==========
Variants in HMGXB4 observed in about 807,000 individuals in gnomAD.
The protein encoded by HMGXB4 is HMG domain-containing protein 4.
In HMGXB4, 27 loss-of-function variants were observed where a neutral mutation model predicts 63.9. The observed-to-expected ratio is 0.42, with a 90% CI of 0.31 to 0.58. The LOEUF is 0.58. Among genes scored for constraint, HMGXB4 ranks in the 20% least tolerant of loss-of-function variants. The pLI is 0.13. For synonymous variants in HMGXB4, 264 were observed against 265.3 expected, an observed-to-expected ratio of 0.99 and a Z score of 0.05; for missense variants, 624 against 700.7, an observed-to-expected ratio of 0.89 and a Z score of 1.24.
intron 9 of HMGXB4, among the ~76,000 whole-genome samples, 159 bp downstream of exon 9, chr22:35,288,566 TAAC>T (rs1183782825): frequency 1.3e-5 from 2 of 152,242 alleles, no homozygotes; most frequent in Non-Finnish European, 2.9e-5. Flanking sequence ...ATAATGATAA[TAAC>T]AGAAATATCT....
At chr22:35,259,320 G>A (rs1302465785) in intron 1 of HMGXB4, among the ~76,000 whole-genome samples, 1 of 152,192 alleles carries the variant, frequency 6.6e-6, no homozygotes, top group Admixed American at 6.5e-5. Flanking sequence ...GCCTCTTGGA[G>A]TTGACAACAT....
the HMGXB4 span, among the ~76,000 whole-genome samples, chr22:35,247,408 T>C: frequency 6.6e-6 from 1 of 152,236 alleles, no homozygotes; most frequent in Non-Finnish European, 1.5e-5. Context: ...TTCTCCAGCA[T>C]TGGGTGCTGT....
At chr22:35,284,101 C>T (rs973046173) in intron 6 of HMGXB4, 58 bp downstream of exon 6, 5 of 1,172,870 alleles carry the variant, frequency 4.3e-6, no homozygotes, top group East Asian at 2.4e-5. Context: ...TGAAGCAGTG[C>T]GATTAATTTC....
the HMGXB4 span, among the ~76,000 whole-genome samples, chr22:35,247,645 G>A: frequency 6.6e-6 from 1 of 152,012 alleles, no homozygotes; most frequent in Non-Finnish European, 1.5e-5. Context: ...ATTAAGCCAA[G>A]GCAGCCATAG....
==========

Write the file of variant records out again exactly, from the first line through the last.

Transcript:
Variants in HMGXB4 observed in about 807,000 individuals in gnomAD.
The protein encoded by HMGXB4 is HMG domain-containing protein 4.
In HMGXB4, 27 loss-of-function variants were observed where a neutral mutation model predicts 63.9. The observed-to-expected ratio is 0.42, with a 90% CI of 0.31 to 0.58. The LOEUF is 0.58. Among genes scored for constraint, HMGXB4 ranks in the 20% least tolerant of loss-of-function variants. The pLI is 0.13. For synonymous variants in HMGXB4, 264 were observed against 265.3 expected, an observed-to-expected ratio of 0.99 and a Z score of 0.05; for missense variants, 624 against 700.7, an observed-to-expected ratio of 0.89 and a Z score of 1.24.
intron 9 of HMGXB4, among the ~76,000 whole-genome samples, 159 bp downstream of exon 9, chr22:35,288,566 TAAC>T (rs1183782825): frequency 1.3e-5 from 2 of 152,242 alleles, no homozygotes; most frequent in Non-Finnish European, 2.9e-5. Flanking sequence ...ATAATGATAA[TAAC>T]AGAAATATCT....
At chr22:35,259,320 G>A (rs1302465785) in intron 1 of HMGXB4, among the ~76,000 whole-genome samples, 1 of 152,192 alleles carries the variant, frequency 6.6e-6, no homozygotes, top group Admixed American at 6.5e-5. Flanking sequence ...GCCTCTTGGA[G>A]TTGACAACAT....
the HMGXB4 span, among the ~76,000 whole-genome samples, chr22:35,247,408 T>C: frequency 6.6e-6 from 1 of 152,236 alleles, no homozygotes; most frequent in Non-Finnish European, 1.5e-5. Context: ...TTCTCCAGCA[T>C]TGGGTGCTGT....
At chr22:35,284,101 C>T (rs973046173) in intron 6 of HMGXB4, 58 bp downstream of exon 6, 5 of 1,172,870 alleles carry the variant, frequency 4.3e-6, no homozygotes, top group East Asian at 2.4e-5. Context: ...TGAAGCAGTG[C>T]GATTAATTTC....
the HMGXB4 span, among the ~76,000 whole-genome samples, chr22:35,247,645 G>A: frequency 6.6e-6 from 1 of 152,012 alleles, no homozygotes; most frequent in Non-Finnish European, 1.5e-5. Context: ...ATTAAGCCAA[G>A]GCAGCCATAG....